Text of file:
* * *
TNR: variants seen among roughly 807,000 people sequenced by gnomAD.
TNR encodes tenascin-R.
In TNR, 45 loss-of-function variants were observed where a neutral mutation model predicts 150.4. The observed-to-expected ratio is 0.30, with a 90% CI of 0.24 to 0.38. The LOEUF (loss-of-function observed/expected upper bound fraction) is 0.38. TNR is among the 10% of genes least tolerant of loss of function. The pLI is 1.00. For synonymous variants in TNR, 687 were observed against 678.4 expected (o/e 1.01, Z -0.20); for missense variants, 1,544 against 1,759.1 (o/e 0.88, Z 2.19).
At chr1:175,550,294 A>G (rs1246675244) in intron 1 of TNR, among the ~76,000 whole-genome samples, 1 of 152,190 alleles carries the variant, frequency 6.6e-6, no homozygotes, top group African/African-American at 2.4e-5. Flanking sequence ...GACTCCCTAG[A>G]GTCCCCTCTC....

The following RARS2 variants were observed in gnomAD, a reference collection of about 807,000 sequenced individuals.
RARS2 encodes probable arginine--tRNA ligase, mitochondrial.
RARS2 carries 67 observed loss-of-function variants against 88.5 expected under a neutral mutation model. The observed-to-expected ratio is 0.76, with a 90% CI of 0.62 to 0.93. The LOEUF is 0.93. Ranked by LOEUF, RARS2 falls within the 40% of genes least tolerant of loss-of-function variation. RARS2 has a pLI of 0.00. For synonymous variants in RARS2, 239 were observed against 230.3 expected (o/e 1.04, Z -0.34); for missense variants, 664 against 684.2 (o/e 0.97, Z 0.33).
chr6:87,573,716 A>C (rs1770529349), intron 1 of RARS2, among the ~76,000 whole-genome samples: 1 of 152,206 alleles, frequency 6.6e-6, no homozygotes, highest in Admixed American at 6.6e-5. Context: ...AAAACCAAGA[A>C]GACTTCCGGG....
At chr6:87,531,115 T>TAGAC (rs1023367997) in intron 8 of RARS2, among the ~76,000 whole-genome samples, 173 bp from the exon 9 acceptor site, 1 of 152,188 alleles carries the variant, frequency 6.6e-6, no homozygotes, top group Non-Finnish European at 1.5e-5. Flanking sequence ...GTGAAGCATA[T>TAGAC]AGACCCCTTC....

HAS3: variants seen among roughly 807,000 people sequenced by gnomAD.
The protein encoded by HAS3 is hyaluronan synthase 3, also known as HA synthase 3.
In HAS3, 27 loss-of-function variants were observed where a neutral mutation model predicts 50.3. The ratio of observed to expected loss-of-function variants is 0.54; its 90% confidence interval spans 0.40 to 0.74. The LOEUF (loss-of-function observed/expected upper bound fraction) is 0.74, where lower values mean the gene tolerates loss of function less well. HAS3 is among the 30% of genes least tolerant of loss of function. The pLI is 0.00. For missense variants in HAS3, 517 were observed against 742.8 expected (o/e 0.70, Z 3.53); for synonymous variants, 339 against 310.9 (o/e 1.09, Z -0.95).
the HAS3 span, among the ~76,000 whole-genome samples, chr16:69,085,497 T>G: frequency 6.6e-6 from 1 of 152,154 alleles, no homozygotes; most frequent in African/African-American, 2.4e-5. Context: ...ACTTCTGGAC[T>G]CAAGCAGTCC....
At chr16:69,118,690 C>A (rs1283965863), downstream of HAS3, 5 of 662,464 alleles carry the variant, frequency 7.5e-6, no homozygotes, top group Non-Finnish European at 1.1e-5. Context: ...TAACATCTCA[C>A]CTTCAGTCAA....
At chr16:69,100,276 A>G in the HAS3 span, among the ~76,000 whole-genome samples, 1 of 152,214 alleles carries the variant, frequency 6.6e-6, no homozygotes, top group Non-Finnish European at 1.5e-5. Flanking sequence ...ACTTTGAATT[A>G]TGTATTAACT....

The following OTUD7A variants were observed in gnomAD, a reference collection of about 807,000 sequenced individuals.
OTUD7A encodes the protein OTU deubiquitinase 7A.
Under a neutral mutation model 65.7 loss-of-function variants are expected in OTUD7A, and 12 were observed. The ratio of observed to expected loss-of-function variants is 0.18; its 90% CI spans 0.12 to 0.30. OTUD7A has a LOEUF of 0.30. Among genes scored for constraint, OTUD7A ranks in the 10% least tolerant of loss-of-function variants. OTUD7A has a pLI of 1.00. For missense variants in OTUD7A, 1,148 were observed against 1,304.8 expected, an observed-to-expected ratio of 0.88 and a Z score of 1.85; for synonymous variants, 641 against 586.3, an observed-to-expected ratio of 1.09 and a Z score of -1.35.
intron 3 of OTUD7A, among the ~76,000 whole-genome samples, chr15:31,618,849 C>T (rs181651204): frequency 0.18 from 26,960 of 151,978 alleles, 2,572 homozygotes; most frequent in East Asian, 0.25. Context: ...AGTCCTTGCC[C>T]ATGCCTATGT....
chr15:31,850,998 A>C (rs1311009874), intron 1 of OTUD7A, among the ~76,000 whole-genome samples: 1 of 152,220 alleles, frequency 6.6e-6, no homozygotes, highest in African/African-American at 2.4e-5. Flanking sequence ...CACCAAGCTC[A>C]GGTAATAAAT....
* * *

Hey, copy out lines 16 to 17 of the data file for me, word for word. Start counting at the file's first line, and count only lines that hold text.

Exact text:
The following OTUD7A variants were observed in gnomAD, a reference collection of about 807,000 sequenced individuals.
OTUD7A encodes the protein OTU deubiquitinase 7A.